The Impera Reference has what is referred to as a “Double choke-filtered quad power supply. So, 8 power supplies? From the looks of it, that certainly seems right! All four vacuum tubes are fed by special quality PSUs, with four individual choke filtered capacitor banks. There are 5 unbalanced inputs, an HT pass-through, and a single unbalanced output. Optionally, one can also fit balanced in- and outputs.
Inverted Triode Technology
Inverted Triode Technology is a vacuum tube innovation developed by Aries Cerat and utilized in the Impera II series. According to the manufacturer, the technology is different from any kind of vacuum tube used in audio and tube electronics in general. In the basis, three electrodes, a cathode, grid, and plate, are combined to give an amplification device completely different in operation from the classic vacuum tube.
Inside a typical vacuum tube, an electron stream emitted from a heated cathode is accelerated toward a positively charged anode, which has a flat plate structure. The electron flow is impeded by the grid, a negatively charged wire-grid structure, placed between the cathode and anode. This operation resembles a typical fluid control valve, hence the name “valve” tube.
Inside an Inverted Triode tube, the electron stream emitted from a heated cathode is accelerated towards the anode, now a wire-grid-like structure. The electron flow is now unimpeded since no grid structure exists between the anode and cathode. Instead, a plate-like structure, enveloping the cathode/anode assembly, called the control “grid” is shadowing the anode electrical field, having a very high negative electrical field itself, thus “pushing” the electrons away from the anode. This mode of electron flow control is completely different from the triode mode of operation.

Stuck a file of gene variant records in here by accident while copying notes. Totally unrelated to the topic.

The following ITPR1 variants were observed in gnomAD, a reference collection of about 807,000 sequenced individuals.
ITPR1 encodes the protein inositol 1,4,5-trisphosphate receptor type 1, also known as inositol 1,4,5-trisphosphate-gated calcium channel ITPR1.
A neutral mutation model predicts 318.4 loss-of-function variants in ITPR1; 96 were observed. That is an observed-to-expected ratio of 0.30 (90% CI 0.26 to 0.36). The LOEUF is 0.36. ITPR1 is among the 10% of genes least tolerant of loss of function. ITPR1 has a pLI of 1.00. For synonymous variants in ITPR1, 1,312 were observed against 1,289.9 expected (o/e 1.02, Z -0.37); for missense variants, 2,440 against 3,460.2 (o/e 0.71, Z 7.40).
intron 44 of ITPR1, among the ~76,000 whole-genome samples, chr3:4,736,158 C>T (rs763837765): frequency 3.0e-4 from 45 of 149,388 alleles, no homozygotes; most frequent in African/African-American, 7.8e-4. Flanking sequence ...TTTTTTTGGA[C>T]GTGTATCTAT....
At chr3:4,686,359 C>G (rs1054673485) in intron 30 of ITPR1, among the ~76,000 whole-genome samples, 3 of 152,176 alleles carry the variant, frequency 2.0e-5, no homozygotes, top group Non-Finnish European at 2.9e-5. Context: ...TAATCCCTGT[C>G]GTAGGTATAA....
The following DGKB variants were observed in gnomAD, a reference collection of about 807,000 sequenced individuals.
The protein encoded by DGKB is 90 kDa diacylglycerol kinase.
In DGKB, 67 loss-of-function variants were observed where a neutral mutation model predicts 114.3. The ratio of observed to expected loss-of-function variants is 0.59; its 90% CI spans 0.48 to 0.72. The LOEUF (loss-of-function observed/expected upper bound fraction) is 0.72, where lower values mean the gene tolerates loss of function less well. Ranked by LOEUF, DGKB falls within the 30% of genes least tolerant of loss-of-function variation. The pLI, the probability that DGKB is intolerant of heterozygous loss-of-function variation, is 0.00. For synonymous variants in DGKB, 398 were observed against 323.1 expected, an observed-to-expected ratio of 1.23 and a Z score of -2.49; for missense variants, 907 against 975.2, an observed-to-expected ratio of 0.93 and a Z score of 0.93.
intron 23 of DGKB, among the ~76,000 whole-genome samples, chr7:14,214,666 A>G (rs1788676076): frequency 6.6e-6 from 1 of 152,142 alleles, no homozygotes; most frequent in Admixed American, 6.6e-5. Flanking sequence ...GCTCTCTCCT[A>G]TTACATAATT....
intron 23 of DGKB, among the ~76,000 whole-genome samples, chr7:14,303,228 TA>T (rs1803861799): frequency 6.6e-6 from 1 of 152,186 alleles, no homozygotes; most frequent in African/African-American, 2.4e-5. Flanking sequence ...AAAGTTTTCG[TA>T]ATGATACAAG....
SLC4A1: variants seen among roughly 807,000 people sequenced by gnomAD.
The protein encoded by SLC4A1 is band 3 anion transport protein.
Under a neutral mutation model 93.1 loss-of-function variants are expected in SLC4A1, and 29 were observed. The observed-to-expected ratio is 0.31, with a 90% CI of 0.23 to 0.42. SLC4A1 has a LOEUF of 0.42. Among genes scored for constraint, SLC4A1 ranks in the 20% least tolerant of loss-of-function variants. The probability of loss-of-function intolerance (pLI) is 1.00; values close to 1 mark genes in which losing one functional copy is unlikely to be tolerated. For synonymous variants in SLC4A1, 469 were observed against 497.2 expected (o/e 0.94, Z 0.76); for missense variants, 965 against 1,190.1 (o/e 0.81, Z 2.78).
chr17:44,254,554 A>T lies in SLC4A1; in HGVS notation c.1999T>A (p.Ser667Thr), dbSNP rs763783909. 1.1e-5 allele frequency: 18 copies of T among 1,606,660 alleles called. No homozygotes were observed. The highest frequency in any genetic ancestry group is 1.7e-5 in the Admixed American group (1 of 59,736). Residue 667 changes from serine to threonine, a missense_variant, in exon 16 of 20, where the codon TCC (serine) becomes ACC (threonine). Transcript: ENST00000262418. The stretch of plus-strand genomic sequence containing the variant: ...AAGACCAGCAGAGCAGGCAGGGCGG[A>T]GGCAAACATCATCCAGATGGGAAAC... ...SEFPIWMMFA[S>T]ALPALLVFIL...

The inverted triode actually acts like a virtual “vacuum state transformer”. Instead of having gain, the inverted triode has only a fraction of unity gain, just like a step-down transformer. The internal resistance is many times lower, and input capacitance is nearly zero.
The inverted triode has a 100 times lower plate resistance than a 6SN7 tube and zero input capacitance which gives the output stage superb measured performance and a 2 Hz-500 KHz bandwidth, figures that are apparently not achieved by other triode designs with a transformer output stage.
According to the manufacturer, another example of the Inverted Triode’s technical advantage over a typical vacuum tube such as the 300B can be found in a comparison of the two driving the same output transformer. The Inverted Triode tube presented a power bandwidth of 2 Hz-500.000 Hz whereas the 300B tube had a bandwidth of 15 Hz-100.000 Hz. Same transformer, same driver tube, but 5 times the bandwidth for the Inverted Triode tube.
The output stage is driven by the input tube with the help of an amorphous double-C core signal choke. The output stage then drives a high-quality double-C core output transformer with a bifilar winding technique, which gives the transformer supreme frequency extension and supreme transient signal response parameters.
Just like the Incito S, the Impera II’s bias can be adjusted by the user to find just the right balance between warmth and control. Both Ron and Michel had made sure to adjust the respective preamps to their default settings. As I initially wanted to experiment with this for the Impera, I requested instructions for the procedure but as time went by, I decided that the factory setting was actually perfect and no adjustment was required. For those who want to experiment with this, the instructions are as follows.
Note that current Impera models have internal bias value displays but my earlier sample requires a simple volt-meter. The black ground wire should be connected to the Impera’s rear panel earth connection while the red “live” wire should be connected to the rearmost E280F tube’s pin 1 (first pin after the break) while adjusting the potentiometer. The procedure must be done for the left- and right channels individually. The minimum usable value is 150, the maximum is 180. Michel indicated that the minimum audible increment is 5 and that the factory-recommended setting is midway between these values, so 165. He left my unit on 170.